WENDY*** Benh Zeitlin follows up BEASTS OF THE SOUTHERN WILD with a bayou-flavored take on the Peter Pan story. The “real world” is a down-home diner owned by the family of Wendy and her brothers. One sleepy night they are drawn to an elfin character riding atop a train car, and before long they are whisked to a magical place where they will never grow old — unless they stop believing. (That place is played by gorgeous Montserrat.) There’s an earthbound sibling and generational strand here that first seems to be only occasionally interrupted by beats from the famous J. M. Barrie tale, and that’s a legit point of view on Zeitlin’s part. This one ebbs and flows, but the child actors are wonderful. However, I recommend that you forget about the Peter Pan stuff until, say, the last reel, when it gets tough to follow the film’s arc without it — a dichotomy which I do consider a narrative flaw. You can judge for yourself when it opens tomorrow.


FOUR GOOD DAYS*** Harrowing mother-daughter confrontation as Glenn Close takes one last chance on Mila Kunis, a hopeless junkie who has thrown her life away and shows up at Mom’s door trembling from withdrawal. She can get an injection that will break the cycle, but not unless she can stay clean for the titular time frame. The busy Stephen Root acts against type as Close’s long-suffering husband who really wants to end his wife’s suffering. Both women are able to blast it in their own ways, and the moral heart of the movie has you cheering for each of them — but not without serious trepidation bordering on dread. The climax I will leave for you to discover, but it ends on the best final shot I saw this year.


YALDA, A NIGHT FOR FORGIVENESS*** (World Cinema Grand Jury Prize) Maryam has killed her husband Hassan and faces the death sentence. But the otherwise patriarchal Iranian law provides for the murdered man’s daughter, Mona, to forgive Maryam, if she so chooses, on a nationally televised reality spectacle; it will resemble a Jerry Lewis telethon to Western eyes of a certain age. We remain in the control room and tv studio for nearly the entire picture, with only one short break for fresh air before we return. Within this very creative tick-tock setting we learn much of the backstory, including why the crime was committed. This tradition, held on Yalda, the winter solstice celebration, may strike some as crass and commercial. First, how can you deride something as crass and commercial if you live in America? And second, it’s Maryam’s only hope. Breaths are dutifully held.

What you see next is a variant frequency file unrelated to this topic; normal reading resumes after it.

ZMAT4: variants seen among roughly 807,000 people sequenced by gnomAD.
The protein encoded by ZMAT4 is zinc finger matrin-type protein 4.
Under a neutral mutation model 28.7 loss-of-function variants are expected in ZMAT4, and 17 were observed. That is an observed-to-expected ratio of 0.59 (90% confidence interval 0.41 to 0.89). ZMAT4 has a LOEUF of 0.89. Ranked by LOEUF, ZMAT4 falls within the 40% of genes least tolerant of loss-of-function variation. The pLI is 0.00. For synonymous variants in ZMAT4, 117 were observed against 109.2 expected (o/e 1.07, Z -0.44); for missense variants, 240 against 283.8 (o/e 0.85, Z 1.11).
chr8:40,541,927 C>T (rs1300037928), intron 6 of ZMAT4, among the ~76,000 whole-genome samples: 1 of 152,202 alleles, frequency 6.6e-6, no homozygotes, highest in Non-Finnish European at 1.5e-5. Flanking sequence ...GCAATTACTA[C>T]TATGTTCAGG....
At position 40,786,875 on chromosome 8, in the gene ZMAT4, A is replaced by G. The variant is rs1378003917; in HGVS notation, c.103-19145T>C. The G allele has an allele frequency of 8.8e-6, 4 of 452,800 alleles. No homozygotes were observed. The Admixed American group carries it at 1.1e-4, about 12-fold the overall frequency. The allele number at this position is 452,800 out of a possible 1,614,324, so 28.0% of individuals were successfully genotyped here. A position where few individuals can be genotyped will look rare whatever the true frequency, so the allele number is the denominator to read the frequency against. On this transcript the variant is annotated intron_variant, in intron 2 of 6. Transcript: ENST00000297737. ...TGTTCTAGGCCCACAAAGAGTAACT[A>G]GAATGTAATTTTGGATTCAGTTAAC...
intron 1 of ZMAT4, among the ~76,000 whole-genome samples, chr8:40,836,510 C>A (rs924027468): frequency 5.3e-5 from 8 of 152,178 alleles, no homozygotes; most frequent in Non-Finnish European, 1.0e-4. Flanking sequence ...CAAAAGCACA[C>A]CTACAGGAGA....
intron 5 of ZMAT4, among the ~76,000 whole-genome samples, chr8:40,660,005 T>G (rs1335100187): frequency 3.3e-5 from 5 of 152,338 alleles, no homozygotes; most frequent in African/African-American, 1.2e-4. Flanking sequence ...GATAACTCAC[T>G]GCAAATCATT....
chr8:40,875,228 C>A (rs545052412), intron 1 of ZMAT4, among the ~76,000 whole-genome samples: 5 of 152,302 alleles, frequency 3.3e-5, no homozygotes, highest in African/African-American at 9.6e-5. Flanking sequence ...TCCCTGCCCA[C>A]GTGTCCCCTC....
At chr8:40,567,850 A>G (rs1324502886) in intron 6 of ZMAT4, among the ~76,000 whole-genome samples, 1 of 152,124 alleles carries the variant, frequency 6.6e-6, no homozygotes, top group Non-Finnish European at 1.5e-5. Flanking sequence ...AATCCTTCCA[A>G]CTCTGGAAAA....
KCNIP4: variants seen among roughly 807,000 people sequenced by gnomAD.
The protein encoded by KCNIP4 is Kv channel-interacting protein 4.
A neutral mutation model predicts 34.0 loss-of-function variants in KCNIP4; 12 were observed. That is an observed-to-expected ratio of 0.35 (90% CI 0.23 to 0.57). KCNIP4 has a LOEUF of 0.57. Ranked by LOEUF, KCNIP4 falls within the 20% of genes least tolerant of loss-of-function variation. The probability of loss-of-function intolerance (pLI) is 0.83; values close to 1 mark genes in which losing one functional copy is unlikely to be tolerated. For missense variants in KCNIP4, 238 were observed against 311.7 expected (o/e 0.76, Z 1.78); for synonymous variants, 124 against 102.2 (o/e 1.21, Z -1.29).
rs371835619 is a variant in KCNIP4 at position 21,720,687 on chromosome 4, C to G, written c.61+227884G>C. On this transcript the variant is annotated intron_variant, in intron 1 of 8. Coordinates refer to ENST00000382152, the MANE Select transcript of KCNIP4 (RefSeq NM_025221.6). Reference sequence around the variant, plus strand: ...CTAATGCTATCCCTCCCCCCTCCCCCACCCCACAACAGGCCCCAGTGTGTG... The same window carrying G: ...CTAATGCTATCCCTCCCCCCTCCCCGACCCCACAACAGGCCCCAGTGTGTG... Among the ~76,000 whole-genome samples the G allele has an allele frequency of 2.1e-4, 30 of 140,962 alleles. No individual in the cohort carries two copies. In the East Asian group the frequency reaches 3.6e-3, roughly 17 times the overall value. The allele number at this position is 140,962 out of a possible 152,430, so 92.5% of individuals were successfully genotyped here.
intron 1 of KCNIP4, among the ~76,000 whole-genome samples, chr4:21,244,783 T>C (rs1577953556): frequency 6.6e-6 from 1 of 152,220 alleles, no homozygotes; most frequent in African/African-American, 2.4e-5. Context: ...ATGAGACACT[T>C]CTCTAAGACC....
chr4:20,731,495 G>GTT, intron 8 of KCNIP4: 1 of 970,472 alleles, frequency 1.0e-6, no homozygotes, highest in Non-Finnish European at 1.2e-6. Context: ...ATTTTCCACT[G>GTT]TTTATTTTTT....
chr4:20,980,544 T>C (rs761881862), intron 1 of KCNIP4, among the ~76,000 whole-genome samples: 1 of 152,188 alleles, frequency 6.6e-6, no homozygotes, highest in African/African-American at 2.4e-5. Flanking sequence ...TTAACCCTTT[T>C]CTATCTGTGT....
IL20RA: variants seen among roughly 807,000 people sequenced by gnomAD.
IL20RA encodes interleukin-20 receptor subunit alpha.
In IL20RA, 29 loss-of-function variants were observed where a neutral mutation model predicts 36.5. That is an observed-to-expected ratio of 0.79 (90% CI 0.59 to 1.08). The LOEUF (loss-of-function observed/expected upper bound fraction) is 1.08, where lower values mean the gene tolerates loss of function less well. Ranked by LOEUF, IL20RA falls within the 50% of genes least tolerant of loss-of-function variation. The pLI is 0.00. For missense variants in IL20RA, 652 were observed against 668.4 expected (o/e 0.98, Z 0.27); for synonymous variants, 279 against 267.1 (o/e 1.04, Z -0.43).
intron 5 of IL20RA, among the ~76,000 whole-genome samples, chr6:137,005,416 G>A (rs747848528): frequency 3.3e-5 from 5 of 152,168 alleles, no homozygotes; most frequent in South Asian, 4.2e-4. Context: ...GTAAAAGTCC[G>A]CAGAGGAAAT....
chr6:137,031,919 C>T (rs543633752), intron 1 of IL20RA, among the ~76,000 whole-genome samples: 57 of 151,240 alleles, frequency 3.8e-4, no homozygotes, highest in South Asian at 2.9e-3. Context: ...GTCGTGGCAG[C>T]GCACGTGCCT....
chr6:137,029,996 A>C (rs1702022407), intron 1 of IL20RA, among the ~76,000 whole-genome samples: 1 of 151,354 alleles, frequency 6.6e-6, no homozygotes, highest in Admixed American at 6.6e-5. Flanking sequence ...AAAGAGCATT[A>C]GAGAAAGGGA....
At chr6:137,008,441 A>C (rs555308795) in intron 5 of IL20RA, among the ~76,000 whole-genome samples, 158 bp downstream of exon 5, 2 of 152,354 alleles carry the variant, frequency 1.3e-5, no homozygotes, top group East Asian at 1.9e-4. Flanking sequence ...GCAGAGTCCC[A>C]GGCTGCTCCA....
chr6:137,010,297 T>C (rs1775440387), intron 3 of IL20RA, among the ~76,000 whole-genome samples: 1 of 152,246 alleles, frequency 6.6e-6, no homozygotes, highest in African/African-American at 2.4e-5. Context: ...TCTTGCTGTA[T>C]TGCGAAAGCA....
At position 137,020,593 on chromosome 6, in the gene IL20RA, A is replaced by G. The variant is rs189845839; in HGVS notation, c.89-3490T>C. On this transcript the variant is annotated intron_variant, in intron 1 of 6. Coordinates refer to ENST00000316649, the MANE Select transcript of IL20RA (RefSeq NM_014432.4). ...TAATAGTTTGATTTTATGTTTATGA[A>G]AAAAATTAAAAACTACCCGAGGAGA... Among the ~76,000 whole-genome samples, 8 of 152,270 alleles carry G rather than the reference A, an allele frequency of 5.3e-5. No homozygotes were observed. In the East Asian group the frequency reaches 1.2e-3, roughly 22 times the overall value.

BOYS STATE***** (U.S. Grand Jury Prize — Documentary) A verite (meaning there is no narration or underscored music) look at a peculiarly American institution. Each year, the American Legion sponsors statewide convocations of bright high-school students who spend one week together forming a government (this one is in Texas). They decide on platforms, run for office, and, as we discover, use many questionable techniques they have osmosed from their elders. Any documentary is biased because you see only what the filmmaker permits you to see, but as the boys divide into “Nationalists” and “Federalists,” the “mock” element seems to recede, until the all-important election for Governor — the highest Boys State office — becomes both more political and more personal. As you watch, you may casually think of the many analogues to our real-life political system, but your attention is repeatedly thrust back to the boys. It’s riveting. 


MINARI**** (U.S. Grand Jury Prize — Dramatic) A Korean family moves from California to Arkansas, where the father, an expert chicken-sexer (yes, that’s actually a thing), wants to “plant a garden.” That is, start a farm. The family has been reluctant, but he can’t be dissuaded from his vision, especially since he becomes a clock-punching superstar, while his wife’s slower speed is still “good enough for Arkansas.” Eventually they invite Grandma to join them, and she powers the rest of the plot. I noted as I walked out that there had been no racial prejudice depicted: this film is about a family that happens to be Korean, and their ethnicity does figure into the story, but no more than yours or mine would. They are assisted by a cross-bearing, God-fearing farmhand delightfully brought to life by Will Patton. 


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Acting Residential

April 29, 2019